Macro Tips from a Pro Photographer

Macro photography captures an unseen world. And it’s not just about taking close-up images of your subjects. If you put a little effort into the preparation of the scene, your final images will be so much better. Renowned macro photographer Don Komarechka with DPReview TV presents some practical ideas that will help you take your macro photography to the next level:

Camera Settings for Macro Photography

In macro photography, it’s best to use your lens in manual mode. You’ll need to physically move the camera back and forth to achieve focus. And since depth of field is greatly reduced in macro photography, be sure to use higher aperture values (f/11 or more, for instance) to get more of the subject in focus. Komarechka also suggests that you use fast shutter speeds accompanied by high ISOs for sharper images.

Control the Environment

Photographers who are new to macro photography seem to pick up their macro lenses and immediately start looking for details in their subjects. But Komarechka suggests taking a different approach. He says you have to make something beautiful worth photographing:

“We need to start controlling the environment. We can’t just come across it and try to make the most of it. We have to try and manipulate it and modify it.”

For example, he took the effort to break the ice on the ground and take it to a different location. He placed a vibrant red flower behind the ice and illuminated the flower with a simple flashlight:

macro of flower through ice bubbles

Pay Attention to the Background

Backgrounds play an important role in macro photography. If the background is unflattering, make it better. Komarechka uses small alligator clips to hold a petal and then uses a syringe to place a water droplet on it. He then he uses another flower as the background. By doing so, the water droplet acted as a lens to form an image of the flower.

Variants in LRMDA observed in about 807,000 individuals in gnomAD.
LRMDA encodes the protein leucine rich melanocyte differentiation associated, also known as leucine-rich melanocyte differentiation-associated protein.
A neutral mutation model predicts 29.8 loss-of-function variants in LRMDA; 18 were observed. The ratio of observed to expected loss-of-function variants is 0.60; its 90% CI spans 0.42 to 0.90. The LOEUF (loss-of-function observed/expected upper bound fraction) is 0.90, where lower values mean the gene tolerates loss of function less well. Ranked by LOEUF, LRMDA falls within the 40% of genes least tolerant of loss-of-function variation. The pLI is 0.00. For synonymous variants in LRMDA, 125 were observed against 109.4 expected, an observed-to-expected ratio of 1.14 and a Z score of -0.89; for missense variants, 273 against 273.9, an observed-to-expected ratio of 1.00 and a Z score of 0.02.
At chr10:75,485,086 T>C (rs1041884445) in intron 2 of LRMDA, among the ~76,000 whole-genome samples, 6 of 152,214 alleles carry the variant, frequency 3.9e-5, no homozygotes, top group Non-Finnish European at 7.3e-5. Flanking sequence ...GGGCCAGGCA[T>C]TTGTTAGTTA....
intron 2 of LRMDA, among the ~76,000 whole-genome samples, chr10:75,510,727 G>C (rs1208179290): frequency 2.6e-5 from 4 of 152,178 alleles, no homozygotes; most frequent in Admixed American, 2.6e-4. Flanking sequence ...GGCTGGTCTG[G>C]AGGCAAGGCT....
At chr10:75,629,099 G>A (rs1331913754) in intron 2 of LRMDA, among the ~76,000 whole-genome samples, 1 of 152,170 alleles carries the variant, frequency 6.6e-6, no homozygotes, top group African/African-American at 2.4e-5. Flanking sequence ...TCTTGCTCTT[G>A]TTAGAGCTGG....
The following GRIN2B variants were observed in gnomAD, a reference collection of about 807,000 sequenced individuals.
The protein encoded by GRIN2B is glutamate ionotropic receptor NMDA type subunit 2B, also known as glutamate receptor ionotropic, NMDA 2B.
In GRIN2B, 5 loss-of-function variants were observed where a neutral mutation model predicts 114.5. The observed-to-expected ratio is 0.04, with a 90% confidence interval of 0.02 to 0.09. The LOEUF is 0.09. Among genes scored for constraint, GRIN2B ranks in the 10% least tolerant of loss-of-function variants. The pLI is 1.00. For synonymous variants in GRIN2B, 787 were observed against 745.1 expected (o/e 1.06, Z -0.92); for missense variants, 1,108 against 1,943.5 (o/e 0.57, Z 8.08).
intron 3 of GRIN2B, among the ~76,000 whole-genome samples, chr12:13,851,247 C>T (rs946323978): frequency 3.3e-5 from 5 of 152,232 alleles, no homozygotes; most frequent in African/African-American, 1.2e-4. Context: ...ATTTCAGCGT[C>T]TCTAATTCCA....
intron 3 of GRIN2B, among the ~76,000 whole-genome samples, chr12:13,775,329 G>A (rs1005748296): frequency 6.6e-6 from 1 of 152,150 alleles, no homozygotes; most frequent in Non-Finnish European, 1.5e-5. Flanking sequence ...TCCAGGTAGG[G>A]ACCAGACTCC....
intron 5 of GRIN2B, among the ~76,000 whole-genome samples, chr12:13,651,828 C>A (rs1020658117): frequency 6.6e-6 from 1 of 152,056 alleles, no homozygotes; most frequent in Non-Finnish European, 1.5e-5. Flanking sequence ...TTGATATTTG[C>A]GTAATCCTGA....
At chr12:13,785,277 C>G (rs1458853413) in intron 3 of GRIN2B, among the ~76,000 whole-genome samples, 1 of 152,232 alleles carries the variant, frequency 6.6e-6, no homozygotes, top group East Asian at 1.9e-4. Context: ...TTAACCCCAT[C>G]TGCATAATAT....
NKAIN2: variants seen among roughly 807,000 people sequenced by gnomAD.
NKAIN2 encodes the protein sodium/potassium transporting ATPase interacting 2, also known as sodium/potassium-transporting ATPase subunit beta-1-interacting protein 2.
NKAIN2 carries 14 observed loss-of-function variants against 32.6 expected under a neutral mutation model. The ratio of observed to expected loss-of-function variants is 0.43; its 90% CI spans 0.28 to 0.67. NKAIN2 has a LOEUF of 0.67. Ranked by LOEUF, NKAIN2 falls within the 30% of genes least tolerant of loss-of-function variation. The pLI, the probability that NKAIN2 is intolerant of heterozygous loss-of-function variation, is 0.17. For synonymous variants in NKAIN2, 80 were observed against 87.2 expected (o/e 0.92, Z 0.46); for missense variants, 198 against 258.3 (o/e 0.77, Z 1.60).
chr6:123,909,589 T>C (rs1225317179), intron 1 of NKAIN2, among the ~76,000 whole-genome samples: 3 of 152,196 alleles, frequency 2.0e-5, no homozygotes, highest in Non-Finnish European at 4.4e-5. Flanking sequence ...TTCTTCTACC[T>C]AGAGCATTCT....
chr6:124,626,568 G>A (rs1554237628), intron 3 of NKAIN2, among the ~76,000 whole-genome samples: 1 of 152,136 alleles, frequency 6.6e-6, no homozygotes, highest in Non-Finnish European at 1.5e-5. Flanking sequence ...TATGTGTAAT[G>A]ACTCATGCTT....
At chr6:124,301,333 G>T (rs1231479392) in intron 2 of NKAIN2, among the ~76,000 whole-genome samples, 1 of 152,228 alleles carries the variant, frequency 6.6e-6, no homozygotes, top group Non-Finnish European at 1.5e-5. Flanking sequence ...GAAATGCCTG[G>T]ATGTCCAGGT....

In order to have better control over the light, he blocks off direct sunlight light from striking the setup. He then proceeds to make the background flower brighter with a simple flashlight. This adds to the contrast and overall drama in the final image:

macro of water drop with daisy background

Here are some other examples of images taken using the same concept:

macro of water droplet with daisy background

macro of water droplets with daisy background

water drop macro

Use Bokeh Balls

When specular highlights are out of focus, they create beautiful bokeh balls that can be used as creative backgrounds. Komarechka demonstrates using a mineral rock that he has for this purpose. However, there are cheaper alternatives. Look around for glitter packs or beads.

macro of flower with background bokeh balls

Budget-Friendly Macro Lenses

If macro lenses are too expensive for you, start with an inexpensive lens with extension tubes. The results may not be too flattering, but they’re great for starters. And if you’re up to the challenge, find tutorials on re-engineering a lens to make it work as a macro lens.

So keep in mind that the background and the foreground are both very important for macro photography. And instead of taking macro photos as-is, take control over the subject and lighting to make it more beautiful. Don’t be afraid of trying new things!

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One response to “Macro Tips from a Pro Photographer”

  1. John Sharples says:

    When using alligator clips to hold your subject, the clips will often cut through the stem. To avoid this, hold a thin plastic tube with the clip and then slip the flower stem into the tube. Voila, no more stem failures

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